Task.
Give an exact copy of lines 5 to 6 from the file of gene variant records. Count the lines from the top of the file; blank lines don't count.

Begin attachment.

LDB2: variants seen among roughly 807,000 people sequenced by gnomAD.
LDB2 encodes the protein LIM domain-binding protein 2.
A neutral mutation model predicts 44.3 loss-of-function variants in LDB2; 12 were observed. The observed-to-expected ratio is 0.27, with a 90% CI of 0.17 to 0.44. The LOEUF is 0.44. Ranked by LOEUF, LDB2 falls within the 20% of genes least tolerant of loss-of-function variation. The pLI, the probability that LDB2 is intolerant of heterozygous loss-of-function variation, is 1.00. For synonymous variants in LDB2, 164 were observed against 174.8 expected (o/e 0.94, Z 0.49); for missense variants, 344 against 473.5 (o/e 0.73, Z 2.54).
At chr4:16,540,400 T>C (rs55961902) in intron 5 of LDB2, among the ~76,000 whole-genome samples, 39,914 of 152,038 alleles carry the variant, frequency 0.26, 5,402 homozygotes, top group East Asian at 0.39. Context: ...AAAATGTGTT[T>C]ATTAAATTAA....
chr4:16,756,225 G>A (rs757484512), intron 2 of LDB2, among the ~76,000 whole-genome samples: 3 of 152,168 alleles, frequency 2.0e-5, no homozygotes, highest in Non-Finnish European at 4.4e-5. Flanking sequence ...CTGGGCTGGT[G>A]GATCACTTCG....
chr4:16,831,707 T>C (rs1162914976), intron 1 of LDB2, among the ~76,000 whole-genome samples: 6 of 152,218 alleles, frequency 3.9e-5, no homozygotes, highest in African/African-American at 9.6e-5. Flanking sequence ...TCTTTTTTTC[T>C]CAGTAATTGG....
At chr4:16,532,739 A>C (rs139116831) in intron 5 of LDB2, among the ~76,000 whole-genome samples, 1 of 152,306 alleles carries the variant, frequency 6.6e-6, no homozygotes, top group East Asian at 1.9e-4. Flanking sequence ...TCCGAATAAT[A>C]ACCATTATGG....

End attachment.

chr4:16,756,225 G>A (rs757484512), intron 2 of LDB2, among the ~76,000 whole-genome samples: 3 of 152,168 alleles, frequency 2.0e-5, no homozygotes, highest in Non-Finnish European at 4.4e-5. Flanking sequence ...CTGGGCTGGT[G>A]GATCACTTCG....
chr4:16,831,707 T>C (rs1162914976), intron 1 of LDB2, among the ~76,000 whole-genome samples: 6 of 152,218 alleles, frequency 3.9e-5, no homozygotes, highest in African/African-American at 9.6e-5. Flanking sequence ...TCTTTTTTTC[T>C]CAGTAATTGG....